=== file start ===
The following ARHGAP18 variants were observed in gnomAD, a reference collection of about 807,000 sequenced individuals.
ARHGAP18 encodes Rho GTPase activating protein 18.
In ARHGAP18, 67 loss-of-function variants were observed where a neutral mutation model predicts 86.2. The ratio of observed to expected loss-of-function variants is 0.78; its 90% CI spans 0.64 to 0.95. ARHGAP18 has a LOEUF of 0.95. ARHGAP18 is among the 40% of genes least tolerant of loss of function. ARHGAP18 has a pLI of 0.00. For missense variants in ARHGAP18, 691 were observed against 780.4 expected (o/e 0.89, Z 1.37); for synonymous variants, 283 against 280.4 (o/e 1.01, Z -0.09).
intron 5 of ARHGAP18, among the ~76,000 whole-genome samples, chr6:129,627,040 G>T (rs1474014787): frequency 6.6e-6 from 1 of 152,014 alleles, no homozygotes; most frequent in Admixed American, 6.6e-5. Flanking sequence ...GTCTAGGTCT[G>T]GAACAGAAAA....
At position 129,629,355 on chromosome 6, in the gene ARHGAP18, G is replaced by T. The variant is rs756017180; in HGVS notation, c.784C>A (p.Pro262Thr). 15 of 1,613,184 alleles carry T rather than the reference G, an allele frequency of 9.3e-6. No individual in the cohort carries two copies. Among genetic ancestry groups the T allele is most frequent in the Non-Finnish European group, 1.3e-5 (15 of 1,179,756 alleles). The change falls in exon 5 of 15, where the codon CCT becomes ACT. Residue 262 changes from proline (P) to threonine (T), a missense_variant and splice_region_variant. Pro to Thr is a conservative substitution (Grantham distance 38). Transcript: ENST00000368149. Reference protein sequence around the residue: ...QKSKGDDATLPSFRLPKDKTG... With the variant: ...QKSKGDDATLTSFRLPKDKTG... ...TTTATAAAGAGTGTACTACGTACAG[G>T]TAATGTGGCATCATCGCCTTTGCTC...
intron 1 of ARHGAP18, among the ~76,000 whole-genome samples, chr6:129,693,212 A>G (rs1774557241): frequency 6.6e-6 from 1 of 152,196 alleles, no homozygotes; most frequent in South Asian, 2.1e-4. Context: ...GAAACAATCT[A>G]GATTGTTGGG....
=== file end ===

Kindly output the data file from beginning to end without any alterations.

The following ARHGAP18 variants were observed in gnomAD, a reference collection of about 807,000 sequenced individuals.
ARHGAP18 encodes Rho GTPase activating protein 18.
In ARHGAP18, 67 loss-of-function variants were observed where a neutral mutation model predicts 86.2. The ratio of observed to expected loss-of-function variants is 0.78; its 90% CI spans 0.64 to 0.95. ARHGAP18 has a LOEUF of 0.95. ARHGAP18 is among the 40% of genes least tolerant of loss of function. ARHGAP18 has a pLI of 0.00. For missense variants in ARHGAP18, 691 were observed against 780.4 expected (o/e 0.89, Z 1.37); for synonymous variants, 283 against 280.4 (o/e 1.01, Z -0.09).
intron 5 of ARHGAP18, among the ~76,000 whole-genome samples, chr6:129,627,040 G>T (rs1474014787): frequency 6.6e-6 from 1 of 152,014 alleles, no homozygotes; most frequent in Admixed American, 6.6e-5. Flanking sequence ...GTCTAGGTCT[G>T]GAACAGAAAA....
At position 129,629,355 on chromosome 6, in the gene ARHGAP18, G is replaced by T. The variant is rs756017180; in HGVS notation, c.784C>A (p.Pro262Thr). 15 of 1,613,184 alleles carry T rather than the reference G, an allele frequency of 9.3e-6. No individual in the cohort carries two copies. Among genetic ancestry groups the T allele is most frequent in the Non-Finnish European group, 1.3e-5 (15 of 1,179,756 alleles). The change falls in exon 5 of 15, where the codon CCT becomes ACT. Residue 262 changes from proline (P) to threonine (T), a missense_variant and splice_region_variant. Pro to Thr is a conservative substitution (Grantham distance 38). Transcript: ENST00000368149. Reference protein sequence around the residue: ...QKSKGDDATLPSFRLPKDKTG... With the variant: ...QKSKGDDATLTSFRLPKDKTG... ...TTTATAAAGAGTGTACTACGTACAG[G>T]TAATGTGGCATCATCGCCTTTGCTC...
intron 1 of ARHGAP18, among the ~76,000 whole-genome samples, chr6:129,693,212 A>G (rs1774557241): frequency 6.6e-6 from 1 of 152,196 alleles, no homozygotes; most frequent in South Asian, 2.1e-4. Context: ...GAAACAATCT[A>G]GATTGTTGGG....